Empathy is usually explained by saying "the ability to understand and share the feelings of another" but, what if we said, "it is an attempt to better understand the other person by getting to know their perspective."

Some people believe you either have empathy, or you don't, but this is just not true. The truth is that empathy takes effort and work for many people, and some are not willing or don't know how to do the work.

The reason empathy is important today now more than ever, is that everyone seems to be on a side and there is not much effort to come together and work on more significant issues that face us in the world and our communities. If someone feels understood by you, they are much more likely to reciprocate the effort and try to understand your position and beliefs as well.

Steps to take to learn how to have empathy:

1)      When you first encounter someone who has gone through something intense, try to remember a time in your life when you have felt those intense feelings. You do NOT have to have had the same experience, but the same feelings.

2)      Now imagine you had those feelings and you were put in the situation that this person is going through. How would it feel to you? Resist the urge to judge or tell this person what you think the solution is.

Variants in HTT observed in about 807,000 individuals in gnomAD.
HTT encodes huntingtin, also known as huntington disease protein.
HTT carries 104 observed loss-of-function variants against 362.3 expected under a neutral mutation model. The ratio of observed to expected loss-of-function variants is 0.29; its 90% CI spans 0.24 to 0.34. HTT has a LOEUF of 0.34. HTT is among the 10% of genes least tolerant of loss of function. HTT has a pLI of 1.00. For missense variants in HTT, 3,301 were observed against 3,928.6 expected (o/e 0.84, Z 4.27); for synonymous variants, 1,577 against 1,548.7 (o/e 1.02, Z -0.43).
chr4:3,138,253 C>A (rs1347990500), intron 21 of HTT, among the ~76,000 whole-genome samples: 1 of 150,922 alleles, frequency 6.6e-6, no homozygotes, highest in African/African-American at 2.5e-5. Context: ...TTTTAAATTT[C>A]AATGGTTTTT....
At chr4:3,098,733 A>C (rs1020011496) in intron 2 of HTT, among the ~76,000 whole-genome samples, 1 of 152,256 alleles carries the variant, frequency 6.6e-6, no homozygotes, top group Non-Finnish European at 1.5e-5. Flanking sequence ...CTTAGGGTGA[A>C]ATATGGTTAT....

3)      Now that you can feel what this person may be going through, it is time to act. First, ask them what you can do to help. If they are unable to answer or do not know how you can help offer suggestions. Do they need a day of childcare, meals delivered this week, or just someone to sit with them until they are ready? Think about yourself again, and what made you feel better or what you would have liked someone to have done for you when you felt those similar feelings in the past. Be prepared for them not to want any help and in that case make sure they have your number and check in on them.

Remember this takes effort and some time to get the hang of it. Never stop trying to be a good person.


Empathy also applies to groups of people. The best way to understand and have empathy for a group of people that you might not be a part of is to educate yourself. What is the history of this group, how have they been oppressed or made to feel "less-than," has the group you associate with had any part in the making of this other group feel the way they do?

Can we all humble ourselves enough to put ourselves in someone else’s shoes and walk a mile? Maybe then we might see how we can lift up each other.